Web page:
Foundation for the Blind. They had to publish a retraction and labels for the libraries. So

anyway I was very pleased with both obituaries. Now to tell you a little about the code

and why I needed it. When I began studying mathematics there was no way to write math

notations. You could write x square and x cube and x to the fourth power but after that,

that was the end. It was just bad. So I devised this code for my own purposes. When I

worked with the American Foundation for the Blind there was a gentleman there by the

name of Dr. Clifford Butcher was blind and he had a Ph.D. already in physics from

Columbia University. He asked if I had a table of integrals and I said yes but it is in

private code. He asked me to teach him my code. He said,

"I'm desperate, teach me your private code."

And so I did. Now at that time there was an organization called the Joint Uniform Braille

Committee. It was staffed by people both from the USA and England. They had a

subcommittee on mathematics and Dr. Whitcher was the chairman. He said I had this

great code and they invited me to write short report on the code so I did. It was not as

short as they would have liked. They looked at it. They invited me to come and present it

to them one Friday morning. By the afternoon the code was approved. That was in 1952.

That is how we first got the code started. Now my advice to student and teachers, if you

want to do math, do it, if you are Braille person, do on Perkins Brailler. A Perkins

Brailler can simulate the format of a math problem that you would do if you could use

print. Don't try to do it in your head. Your mental capacity is limited. Don't try to devise

your own code, you'll never remember what you wrote two weeks later. Work on the

Perkins Brailler. A notetaker is not adequate. A notetaker has only one line of display

Braille and that's all you can do. Do it on a Perkins brailler. Do not attempt mental

gymnastics. If you are teacher acquaint students with raised line drawings. I find that

students are steered away from raised line drawings many times until no amount of verbal

description will do, you have to see the picture. By that time it is a complicated picture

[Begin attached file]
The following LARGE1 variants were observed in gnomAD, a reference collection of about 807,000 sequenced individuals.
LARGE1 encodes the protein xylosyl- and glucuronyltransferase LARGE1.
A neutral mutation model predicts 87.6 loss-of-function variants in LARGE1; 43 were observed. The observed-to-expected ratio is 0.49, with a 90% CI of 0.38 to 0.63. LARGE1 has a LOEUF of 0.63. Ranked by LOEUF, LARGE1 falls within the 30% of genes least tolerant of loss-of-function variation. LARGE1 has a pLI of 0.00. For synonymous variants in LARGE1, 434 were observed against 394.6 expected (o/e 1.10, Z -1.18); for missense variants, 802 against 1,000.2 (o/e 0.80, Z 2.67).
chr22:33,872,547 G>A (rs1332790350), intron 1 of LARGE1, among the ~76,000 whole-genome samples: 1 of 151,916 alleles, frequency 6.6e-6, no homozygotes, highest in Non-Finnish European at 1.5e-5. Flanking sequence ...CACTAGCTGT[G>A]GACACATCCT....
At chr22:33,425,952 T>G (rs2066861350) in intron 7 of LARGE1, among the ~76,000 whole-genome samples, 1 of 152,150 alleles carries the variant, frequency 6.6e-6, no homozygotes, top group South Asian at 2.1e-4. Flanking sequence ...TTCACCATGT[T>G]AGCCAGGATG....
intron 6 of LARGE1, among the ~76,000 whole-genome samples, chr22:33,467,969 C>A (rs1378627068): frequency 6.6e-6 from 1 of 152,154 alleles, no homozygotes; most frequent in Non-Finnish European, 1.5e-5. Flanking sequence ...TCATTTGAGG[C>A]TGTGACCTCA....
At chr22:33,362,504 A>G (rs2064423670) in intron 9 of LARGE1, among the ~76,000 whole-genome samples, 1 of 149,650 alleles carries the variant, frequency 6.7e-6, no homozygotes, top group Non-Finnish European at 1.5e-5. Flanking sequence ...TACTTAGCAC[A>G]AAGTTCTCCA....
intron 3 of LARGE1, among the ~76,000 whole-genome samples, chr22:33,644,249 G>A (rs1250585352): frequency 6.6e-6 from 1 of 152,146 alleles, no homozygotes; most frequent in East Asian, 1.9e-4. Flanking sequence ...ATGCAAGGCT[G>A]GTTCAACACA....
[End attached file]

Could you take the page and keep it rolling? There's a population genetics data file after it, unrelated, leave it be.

and the student having had no prior experience with raised line drawings can't make it

out. You have to grow up with it. Now, as you may have heard, there is competing code

called UEBC stands for Uniform English Braille Code. It was devised almost completely

by Joe Sullivan, the principal in the Duxbury system. The problem with it is it is based on

upper numbers. It got started because I and a friend of mine, Tim Cramer, who is

deceased now, wrote a letter telling them that the situation currently is intolerable. We

have one way of writing it down that is literary code, another way in the computer code, a

third way in the Nemeth Code, and we hear about the UEBS. They appointed an all

American committee and that committee became internationalized with other countries.


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South Africa, the United Kingdom, Australia, New Zealand, Nigeria, all the principle

English speaking countries around the world. The problem with UEBC is that it uses

upper numbers. Trying to write 3a plus 4b you have to write a # sign before the 3, a letter

sign before the a, and a # sign before the 4 and a letter sign before the b and mathematical

notation becomes so cluttered with # signs and letter signs. There are other problems.

Misalignment. Imagine trying to have in columns 3a + 4b, another 345b, the number of #

signs and letter signs is not the same in both so the digits do not fall into columns. So it is

impossible to work with. Misalignment is another problem with that system. I decided to

revise the Nemeth code. I call it NUBS, the Nemeth Uniform Braille System. The literary

code has many shortcomings. You can't write anything but numbers, letters and

punctuation. No Greek letters. Can't show which accent it is, can't write plus sign have to

write p-l-u-s. You can't write the = sign. You have to write e-q-u-a-l-s. And things of that

kind. Sighted people don't have that problem. Blind people should be able to do same

thing. I devised this system to do that. On Thursday I go to National Braille Association

in Memphis and there is a committee there who will evaluate the part of NUBS that I

have already submitted, which is most of it, and they will promote it. Anyway that is

situation today. Now in conclusion I was once told by a rabbi that when I said in

conclusion don't pay much attention.


I hope I have given you some useful information. All of this has been from personal

experience but I think you can relate to many of the situations I have described, whether

you are a student or a teacher or a counselor, and see what the implications are. I read

article by a gentleman who was applying for a job as a physiotherapist. At end of

interview lady said she would let him know. On his way out she handed him piece of

paper and when he asked his wife what it was she said it was a five dollar bill. She was

giving him charity not an opportunity for a job. We often have problems with attitudes of

the public. When I used to go to a restaurant with my wife, the server would ask her what

I wanted. She would tell him to ask me what I wanted, that I knew better. Anyway I

would just like to say I want to make myself available to answer any questions that you

may have. Not only now but during the time that I am staying here and I want to thank

you very much for listening to me.


Before I take questions I want to add a P.S. My mother confided a dream that she had. In

her dream I had just finished addressing a large audience and I was being given a

tumultuous standing ovation. And she heard in her dream two women talking behind her

and one woman said "Wasn't that a wonderful speech?" And the other woman said "Yes,

but who is the mother of that boy?"